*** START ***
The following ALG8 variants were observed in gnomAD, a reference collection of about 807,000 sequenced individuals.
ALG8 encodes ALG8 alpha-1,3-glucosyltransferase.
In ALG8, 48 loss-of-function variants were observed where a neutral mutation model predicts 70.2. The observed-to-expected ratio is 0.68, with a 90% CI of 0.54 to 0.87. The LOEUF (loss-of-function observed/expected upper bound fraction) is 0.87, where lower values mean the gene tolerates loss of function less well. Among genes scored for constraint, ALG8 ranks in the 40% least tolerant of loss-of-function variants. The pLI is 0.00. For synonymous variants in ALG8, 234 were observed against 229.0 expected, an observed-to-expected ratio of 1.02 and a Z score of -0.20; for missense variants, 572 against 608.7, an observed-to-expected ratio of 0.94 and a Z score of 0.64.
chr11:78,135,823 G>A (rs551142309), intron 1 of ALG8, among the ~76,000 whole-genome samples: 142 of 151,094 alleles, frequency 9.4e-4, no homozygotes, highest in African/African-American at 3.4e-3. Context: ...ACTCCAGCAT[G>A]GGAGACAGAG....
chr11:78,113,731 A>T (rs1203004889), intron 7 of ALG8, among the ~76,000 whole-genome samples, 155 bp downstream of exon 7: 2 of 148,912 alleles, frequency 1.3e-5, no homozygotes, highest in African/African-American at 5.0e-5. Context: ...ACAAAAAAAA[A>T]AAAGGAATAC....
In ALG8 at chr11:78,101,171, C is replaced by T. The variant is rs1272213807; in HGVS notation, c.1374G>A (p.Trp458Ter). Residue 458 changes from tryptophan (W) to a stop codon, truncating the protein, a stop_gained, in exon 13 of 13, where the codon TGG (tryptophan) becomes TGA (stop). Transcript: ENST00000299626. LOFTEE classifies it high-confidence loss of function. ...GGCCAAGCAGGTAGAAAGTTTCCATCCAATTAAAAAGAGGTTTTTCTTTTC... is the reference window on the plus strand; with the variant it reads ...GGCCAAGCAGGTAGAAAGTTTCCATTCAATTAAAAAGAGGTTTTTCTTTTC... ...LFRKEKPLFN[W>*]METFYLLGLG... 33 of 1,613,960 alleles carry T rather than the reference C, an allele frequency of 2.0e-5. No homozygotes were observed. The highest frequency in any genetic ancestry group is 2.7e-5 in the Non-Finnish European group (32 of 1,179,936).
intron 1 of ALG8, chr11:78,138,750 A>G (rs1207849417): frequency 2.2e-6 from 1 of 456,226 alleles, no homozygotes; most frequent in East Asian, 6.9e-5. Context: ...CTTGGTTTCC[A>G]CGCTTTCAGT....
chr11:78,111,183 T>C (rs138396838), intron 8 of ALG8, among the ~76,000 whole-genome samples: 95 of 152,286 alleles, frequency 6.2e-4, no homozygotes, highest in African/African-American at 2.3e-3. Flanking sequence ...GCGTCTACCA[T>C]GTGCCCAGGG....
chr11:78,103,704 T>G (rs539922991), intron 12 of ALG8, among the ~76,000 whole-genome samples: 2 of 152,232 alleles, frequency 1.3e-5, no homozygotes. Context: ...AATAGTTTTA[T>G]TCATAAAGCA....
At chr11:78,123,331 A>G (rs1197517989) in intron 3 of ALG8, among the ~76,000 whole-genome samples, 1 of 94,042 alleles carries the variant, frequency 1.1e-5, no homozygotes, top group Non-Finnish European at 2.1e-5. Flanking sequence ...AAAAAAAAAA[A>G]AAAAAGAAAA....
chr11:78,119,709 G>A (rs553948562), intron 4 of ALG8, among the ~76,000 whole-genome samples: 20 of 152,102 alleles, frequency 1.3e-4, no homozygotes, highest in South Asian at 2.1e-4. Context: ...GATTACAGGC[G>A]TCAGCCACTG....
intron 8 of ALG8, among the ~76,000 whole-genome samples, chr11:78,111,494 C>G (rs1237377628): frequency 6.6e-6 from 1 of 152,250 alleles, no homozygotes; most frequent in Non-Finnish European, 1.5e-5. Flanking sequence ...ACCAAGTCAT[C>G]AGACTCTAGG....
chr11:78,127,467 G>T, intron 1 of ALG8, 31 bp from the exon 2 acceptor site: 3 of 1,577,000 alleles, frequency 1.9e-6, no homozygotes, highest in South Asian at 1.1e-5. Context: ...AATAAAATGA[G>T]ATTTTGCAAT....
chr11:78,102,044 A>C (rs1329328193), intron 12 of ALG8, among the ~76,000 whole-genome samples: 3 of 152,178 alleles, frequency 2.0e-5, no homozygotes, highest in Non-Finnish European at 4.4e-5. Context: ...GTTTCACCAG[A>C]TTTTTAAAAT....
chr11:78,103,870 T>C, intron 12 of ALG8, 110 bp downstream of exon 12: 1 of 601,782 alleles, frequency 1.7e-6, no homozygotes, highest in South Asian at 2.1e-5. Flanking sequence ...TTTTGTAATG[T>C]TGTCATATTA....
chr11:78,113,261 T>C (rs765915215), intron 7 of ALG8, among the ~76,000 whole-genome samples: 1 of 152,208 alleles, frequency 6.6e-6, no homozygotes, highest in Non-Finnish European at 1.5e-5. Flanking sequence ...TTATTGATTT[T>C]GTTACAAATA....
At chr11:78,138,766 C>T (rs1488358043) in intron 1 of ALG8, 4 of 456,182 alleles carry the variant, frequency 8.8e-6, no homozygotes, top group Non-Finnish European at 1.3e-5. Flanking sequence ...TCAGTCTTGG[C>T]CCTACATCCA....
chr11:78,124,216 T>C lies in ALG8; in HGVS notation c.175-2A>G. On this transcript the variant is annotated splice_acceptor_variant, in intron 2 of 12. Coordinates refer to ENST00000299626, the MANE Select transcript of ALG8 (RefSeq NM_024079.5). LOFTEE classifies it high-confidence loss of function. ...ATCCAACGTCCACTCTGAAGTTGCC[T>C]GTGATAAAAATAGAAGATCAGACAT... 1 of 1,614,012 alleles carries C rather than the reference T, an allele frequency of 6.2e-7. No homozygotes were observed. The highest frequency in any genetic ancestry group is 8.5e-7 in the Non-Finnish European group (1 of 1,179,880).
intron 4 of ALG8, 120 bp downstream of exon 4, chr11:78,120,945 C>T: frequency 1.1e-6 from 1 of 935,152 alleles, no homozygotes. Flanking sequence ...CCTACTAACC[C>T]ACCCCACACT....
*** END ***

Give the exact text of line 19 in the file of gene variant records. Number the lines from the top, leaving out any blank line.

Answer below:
intron 4 of ALG8, 120 bp downstream of exon 4, chr11:78,120,945 C>T: frequency 1.1e-6 from 1 of 935,152 alleles, no homozygotes. Flanking sequence ...CCTACTAACC[C>T]ACCCCACACT....